In the spectacular surroundings of Sadler's Wells theatre, the history-heavy, lustrous red curtain rises on an equally vibrant stage. Lush green from floor to roof, the large space feels like a temple or a church. This is heightened by the rich, guttural Gaelic song that welcomes us into what is a veneration of Irish culture through music and dance. Fabulous Beast Dance Theatre have collaborated with musician Liam Ó Maonlaí to create Rian, a work that is essentially a ceilidh with extremely high quality dance and music.

Rian © Fabulous Beast
Rian
© Fabulous Beast

Dancers and musicians, onstage throughout, mingle and swap roles in this meeting place of stories and social dancing. The piece allows the performers to share a little of themselves, by allowing their varied backgrounds to flavour the Irish tradition. There is a glimpse of India and a spot of French Jazz, which brings some welcome variety. In this open, jam session structure, it's enjoyable to see each performer doing their thing then letting someone else take the stage. However, in a ninety minute work, this format does wear a little thin. The dancers don't get much of a chance to really build relationships with each other or the audience, and those that are allowed to develop are the more memorable for it.

A particularly effective duet sees a rhythmic step dance turn into a flirtatious dialogue, which leaves dancer Emmanuel Obeya comically outwitted and wrong-footed. In contrast, another duet hints at the darker elements of interaction, with the pair trapped in an achingly repetitive loop, swooping and weaving heads low to the ground like frightened animals. These duets are well crafted, and individually are lovely examples of placing the traditions of folk dance and music in a more contemporary setting.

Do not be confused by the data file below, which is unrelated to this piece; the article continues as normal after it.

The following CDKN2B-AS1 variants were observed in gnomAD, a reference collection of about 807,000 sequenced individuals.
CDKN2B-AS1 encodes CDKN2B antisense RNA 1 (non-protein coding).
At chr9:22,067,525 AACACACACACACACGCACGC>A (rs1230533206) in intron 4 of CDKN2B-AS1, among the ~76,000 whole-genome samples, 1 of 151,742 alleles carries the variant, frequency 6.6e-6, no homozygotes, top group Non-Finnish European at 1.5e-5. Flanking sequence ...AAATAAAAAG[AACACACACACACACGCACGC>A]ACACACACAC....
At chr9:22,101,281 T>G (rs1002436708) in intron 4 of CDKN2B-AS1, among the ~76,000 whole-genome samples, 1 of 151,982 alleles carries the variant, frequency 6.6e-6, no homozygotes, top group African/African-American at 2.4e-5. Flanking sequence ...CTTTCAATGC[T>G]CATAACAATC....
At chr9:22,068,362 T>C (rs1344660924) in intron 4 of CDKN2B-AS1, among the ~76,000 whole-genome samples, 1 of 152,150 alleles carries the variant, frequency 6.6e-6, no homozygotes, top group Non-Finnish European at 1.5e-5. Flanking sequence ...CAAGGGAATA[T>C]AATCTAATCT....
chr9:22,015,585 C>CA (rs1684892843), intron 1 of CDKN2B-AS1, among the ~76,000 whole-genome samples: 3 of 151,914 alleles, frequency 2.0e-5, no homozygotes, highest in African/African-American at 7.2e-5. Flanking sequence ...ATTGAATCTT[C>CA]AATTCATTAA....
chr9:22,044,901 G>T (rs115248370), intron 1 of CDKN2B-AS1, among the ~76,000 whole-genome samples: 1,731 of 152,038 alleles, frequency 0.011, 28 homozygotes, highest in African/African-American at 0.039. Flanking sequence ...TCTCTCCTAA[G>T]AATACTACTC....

Rian © Fabulous Beast
Rian
© Fabulous Beast

At times however, the choreography felt a little lacklustre and over simplistic. The overwhelming amount of unison was tiring to watch for such a long piece, and the lack of physical contact between dancers was frustrating. I was silently begging for someone to invade someone else's space, even just to hold hands. When two dancers did finally touch, I almost punched the air in celebration. Of course, keeping the work faithful to folk dance as opposed to simply appropriating the tradition as pastiche is very important, and choreographer Michael Keegan-Dolan must be respected for his decision to maintain the integrity of the culture represented.

While the interaction between dancers was fairly minimal, certain combinations of music and movement were perfectly executed and stood out from the rest. A haunting story of doomed love is sung with fragile beauty by Eithne Ní Chatháin, while the three female dancers accompany with simple movements, letting the song fill the space and catch in our throats. Another moment that works wonderfully sees the ensemble seated at the front of the stage, with one man playing a virtuosic pipe solo – the scene becomes strangely hilarious as everyone begins to move in slow motion, waving all four limbs in the air like upturned beetles.

These snippets and tasters give this piece a lot to offer, though with so much stopping and starting it never quite gathers the pace it promises. Even so, Ó Maonlaí and his band of exquisite musicians are such a joy to hear, it's worth seeing Rian for this reason alone.

***11